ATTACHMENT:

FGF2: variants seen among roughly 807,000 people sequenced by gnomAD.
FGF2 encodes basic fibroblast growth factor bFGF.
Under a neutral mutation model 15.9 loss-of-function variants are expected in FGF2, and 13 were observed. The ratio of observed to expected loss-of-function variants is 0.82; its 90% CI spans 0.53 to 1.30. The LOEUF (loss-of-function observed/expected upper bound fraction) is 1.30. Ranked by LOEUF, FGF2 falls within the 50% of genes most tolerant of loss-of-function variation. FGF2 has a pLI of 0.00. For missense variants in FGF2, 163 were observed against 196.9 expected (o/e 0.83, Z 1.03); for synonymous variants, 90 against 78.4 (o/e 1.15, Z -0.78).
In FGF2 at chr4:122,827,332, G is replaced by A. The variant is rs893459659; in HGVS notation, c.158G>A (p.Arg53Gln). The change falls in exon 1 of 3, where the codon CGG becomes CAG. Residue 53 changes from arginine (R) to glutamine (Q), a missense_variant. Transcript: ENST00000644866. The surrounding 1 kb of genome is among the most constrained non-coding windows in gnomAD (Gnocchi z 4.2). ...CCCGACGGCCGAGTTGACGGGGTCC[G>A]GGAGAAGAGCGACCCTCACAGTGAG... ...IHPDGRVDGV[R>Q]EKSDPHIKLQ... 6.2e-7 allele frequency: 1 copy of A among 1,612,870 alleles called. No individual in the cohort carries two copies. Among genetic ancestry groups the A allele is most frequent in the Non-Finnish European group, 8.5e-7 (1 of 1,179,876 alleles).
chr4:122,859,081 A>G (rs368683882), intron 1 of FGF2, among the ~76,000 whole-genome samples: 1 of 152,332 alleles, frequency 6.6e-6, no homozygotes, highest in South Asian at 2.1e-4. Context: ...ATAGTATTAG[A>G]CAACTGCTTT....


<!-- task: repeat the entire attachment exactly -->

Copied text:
FGF2: variants seen among roughly 807,000 people sequenced by gnomAD.
FGF2 encodes basic fibroblast growth factor bFGF.
Under a neutral mutation model 15.9 loss-of-function variants are expected in FGF2, and 13 were observed. The ratio of observed to expected loss-of-function variants is 0.82; its 90% CI spans 0.53 to 1.30. The LOEUF (loss-of-function observed/expected upper bound fraction) is 1.30. Ranked by LOEUF, FGF2 falls within the 50% of genes most tolerant of loss-of-function variation. FGF2 has a pLI of 0.00. For missense variants in FGF2, 163 were observed against 196.9 expected (o/e 0.83, Z 1.03); for synonymous variants, 90 against 78.4 (o/e 1.15, Z -0.78).
In FGF2 at chr4:122,827,332, G is replaced by A. The variant is rs893459659; in HGVS notation, c.158G>A (p.Arg53Gln). The change falls in exon 1 of 3, where the codon CGG becomes CAG. Residue 53 changes from arginine (R) to glutamine (Q), a missense_variant. Transcript: ENST00000644866. The surrounding 1 kb of genome is among the most constrained non-coding windows in gnomAD (Gnocchi z 4.2). ...CCCGACGGCCGAGTTGACGGGGTCC[G>A]GGAGAAGAGCGACCCTCACAGTGAG... ...IHPDGRVDGV[R>Q]EKSDPHIKLQ... 6.2e-7 allele frequency: 1 copy of A among 1,612,870 alleles called. No individual in the cohort carries two copies. Among genetic ancestry groups the A allele is most frequent in the Non-Finnish European group, 8.5e-7 (1 of 1,179,876 alleles).
chr4:122,859,081 A>G (rs368683882), intron 1 of FGF2, among the ~76,000 whole-genome samples: 1 of 152,332 alleles, frequency 6.6e-6, no homozygotes, highest in South Asian at 2.1e-4. Context: ...ATAGTATTAG[A>G]CAACTGCTTT....